Obstructive airway disease is very disabling. People are often very limited by their shortness of breath, often reporting difficulty even while performing daily activities by the time of diagnosis. Symptoms of chronic cough and wheezing with exertion present in the 40s (Table 1). Often, the patients' partners are more bothered by the symptoms than the patient. The next decade holds recurrent or chronic respiratory tract infections, often resulting in visits to the physician. During an infection or exacerbation of COPD, patients complain of production of purulent-or foul appearing-sputum, increased cough, wheezing without exertion, and sometimes fever. Because early COPD responds to albuterol, patients are often misdiagnosed as having asthma. More severe disease is present in the 60s with more noticeable chronic cough and sputum production, dyspnea on exertion, fear of physical activity, shortness of breath upon lying down, and more frequent exacerbation of symptoms. For some people with COPD, the thought of walking to the store or the mailbox makes them anxious. In response to this anxiety, their work of breathing increases, leading to lactic acid production that needs to be blown off by the lungs. Hence, the respiratory rate increases, leading to a sensation of shortness of breath and increased anxiety (5-7).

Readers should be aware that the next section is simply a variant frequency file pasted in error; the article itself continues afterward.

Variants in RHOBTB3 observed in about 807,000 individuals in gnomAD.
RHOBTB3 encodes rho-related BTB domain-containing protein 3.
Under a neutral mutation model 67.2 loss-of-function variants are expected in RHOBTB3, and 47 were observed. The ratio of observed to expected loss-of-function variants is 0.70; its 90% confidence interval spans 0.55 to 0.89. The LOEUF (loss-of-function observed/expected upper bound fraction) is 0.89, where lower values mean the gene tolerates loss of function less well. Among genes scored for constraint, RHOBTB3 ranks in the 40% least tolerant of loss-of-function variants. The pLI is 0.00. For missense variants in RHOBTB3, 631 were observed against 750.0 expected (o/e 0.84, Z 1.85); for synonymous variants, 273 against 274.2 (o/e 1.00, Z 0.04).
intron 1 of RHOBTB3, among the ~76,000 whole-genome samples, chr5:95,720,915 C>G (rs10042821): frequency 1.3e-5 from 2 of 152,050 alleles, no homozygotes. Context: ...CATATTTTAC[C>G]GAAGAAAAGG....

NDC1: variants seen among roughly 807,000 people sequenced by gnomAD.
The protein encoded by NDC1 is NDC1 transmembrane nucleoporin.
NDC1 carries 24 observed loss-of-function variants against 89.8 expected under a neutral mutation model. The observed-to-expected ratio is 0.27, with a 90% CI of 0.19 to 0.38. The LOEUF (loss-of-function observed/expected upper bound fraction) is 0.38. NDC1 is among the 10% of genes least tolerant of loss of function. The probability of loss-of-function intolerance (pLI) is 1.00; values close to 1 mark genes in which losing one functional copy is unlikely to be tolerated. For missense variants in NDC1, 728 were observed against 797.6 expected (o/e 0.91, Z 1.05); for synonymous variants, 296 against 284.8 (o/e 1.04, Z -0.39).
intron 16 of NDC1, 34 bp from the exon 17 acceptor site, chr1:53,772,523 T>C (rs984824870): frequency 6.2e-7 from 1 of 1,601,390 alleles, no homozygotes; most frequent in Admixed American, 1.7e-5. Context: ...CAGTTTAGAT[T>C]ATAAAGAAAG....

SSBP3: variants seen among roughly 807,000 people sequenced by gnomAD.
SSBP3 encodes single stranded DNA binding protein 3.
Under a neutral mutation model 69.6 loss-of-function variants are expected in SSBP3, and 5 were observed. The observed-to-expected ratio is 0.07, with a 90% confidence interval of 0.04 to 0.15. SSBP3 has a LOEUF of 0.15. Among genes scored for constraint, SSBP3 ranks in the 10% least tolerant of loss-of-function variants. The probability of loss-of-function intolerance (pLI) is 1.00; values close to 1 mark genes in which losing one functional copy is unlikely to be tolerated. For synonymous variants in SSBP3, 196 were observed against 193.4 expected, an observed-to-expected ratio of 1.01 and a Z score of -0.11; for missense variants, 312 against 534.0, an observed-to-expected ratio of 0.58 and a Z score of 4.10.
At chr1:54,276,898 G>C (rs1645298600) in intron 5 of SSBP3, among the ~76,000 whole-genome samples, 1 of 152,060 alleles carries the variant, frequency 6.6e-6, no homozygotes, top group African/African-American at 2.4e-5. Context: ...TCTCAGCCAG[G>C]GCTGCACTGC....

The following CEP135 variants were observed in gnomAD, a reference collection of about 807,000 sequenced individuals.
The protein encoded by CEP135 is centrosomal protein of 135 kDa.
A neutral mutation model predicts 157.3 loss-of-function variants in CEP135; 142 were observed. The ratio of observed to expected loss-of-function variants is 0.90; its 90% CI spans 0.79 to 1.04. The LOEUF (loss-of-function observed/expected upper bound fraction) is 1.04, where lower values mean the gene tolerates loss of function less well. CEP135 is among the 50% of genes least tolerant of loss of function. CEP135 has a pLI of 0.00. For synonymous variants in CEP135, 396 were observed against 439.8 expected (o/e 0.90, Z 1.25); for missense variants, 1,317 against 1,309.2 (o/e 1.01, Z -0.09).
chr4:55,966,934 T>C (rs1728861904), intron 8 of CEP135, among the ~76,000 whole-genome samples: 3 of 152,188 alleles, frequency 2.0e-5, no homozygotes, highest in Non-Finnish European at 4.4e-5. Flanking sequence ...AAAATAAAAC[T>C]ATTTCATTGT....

The mainstay of treatment for COPD is bronchodilators (Table 2). For acute exacerbations, oral steroids help to lessen the secretions and sputum production. Some people respond very favorably to steroids and stay on them for long-term management. Inhaled steroids are preferred over oral for long-term use. People with COPD are more prone to infection, so it is very important to immunize against influenza and pneumonia. Some people require oxygen either at bedtime or with physical activity. Besides increasing the oxygen available to tissues, supplemental oxygen reduces the anxiety of breathing. A fan blowing air across the face does the same.